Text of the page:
My dad's a big New York Times reader, and so when people were sending me a New York Times article about, you know, Ilona's become a rugby star before her first game, I thought that that was really cool, is that social media allows you to really connect with people in such a different way.
And so like, before I even played, I was able to get people into the sport, and to check out our sport on game days and be ready for it.
Do you think that women's rugby has a bad rap or do you think it doesn't get the attention that it deserves?
I think it just doesn't get the attention it deserves. But I think we also are working so hard to grow it. And it's going to take myself and my team, who work so hard, to get more girls in the U.S. interested in rugby.
Because we have some of the best athletes, you know, in the U.S. And if we could get people really into rugby, I think we could be a powerhouse in the world.
Is social media, you think, the driving force to get younger people interested in the sport so they can be in the development programs sooner?
I guess we've seen from like, the Olympics, that social media is going to be such a key player in it, because people are on their phones constantly.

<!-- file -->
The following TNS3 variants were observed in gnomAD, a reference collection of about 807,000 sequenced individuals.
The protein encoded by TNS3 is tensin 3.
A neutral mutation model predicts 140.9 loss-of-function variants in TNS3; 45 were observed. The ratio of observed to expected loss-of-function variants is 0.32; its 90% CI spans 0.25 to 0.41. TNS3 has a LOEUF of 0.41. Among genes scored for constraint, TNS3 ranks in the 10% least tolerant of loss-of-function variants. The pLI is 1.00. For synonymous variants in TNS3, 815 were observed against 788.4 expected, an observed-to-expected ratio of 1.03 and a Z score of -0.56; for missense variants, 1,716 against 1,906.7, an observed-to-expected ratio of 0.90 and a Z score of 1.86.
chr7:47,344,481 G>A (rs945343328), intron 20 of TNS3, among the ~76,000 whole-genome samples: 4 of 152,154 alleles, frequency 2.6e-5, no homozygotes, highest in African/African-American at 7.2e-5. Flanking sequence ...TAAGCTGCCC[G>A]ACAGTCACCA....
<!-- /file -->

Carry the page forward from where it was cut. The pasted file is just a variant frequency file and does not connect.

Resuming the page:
So through TikToks, or whatever, they can be exposed to the sport, and think "Oh, you know, maybe I should try it out," and then hopefully get more numbers.
One of the big topics that I'm really curious to get your take on was Simone Biles during the Olympics, taking time off for her mental health. Did that impact you at all, or give you any reflection or pause about moving forward and how you treat mental health?
I think for me, it was like, so cool, because Olympians are looked at as, you know, we will have one job, we're not funny.
So even through like TikTok, we're noticing how, "Oh wait, Olympians are funny." So for me, it just showed how human we are. It allowed us, [Simone Biles] kind of gave everyone permission to be to be human, and to have you know, mental health struggles, because all of us Olympians do.
I think not talked about a lot is the Olympic experience when the Games are over, and what these athletes feel. And so Simone Biles being such a figure of the Olympics kind of gives us all like, "Okay, our feelings are valid as well."
"So through TikToks ... they can be exposed to the sport, and think 'Oh, you know, maybe I should try it out,' and then hopefully get more numbers."
You mentioned coming home from the Olympics is a transition. How has that been for you?
It was hard coming home without a medal. So, I know I'm an Olympian, but it's like hard to call myself that. So it's been great to come home to my family, to feel a little bit more like an Olympian.
But then it's kind of like, "Okay, well, what do I do now?" You train so hard for this one tournament, and then, you know, it can go so many different ways.
But it's been good. It's been a time with like, a lot of reflection.
Maher wasn’t the only Vermonter who competed. The two others are Elle Purrier St. Pierre, who ran the 1,500-meter race, and Brooke Mooney, who was on the women’s rowing team.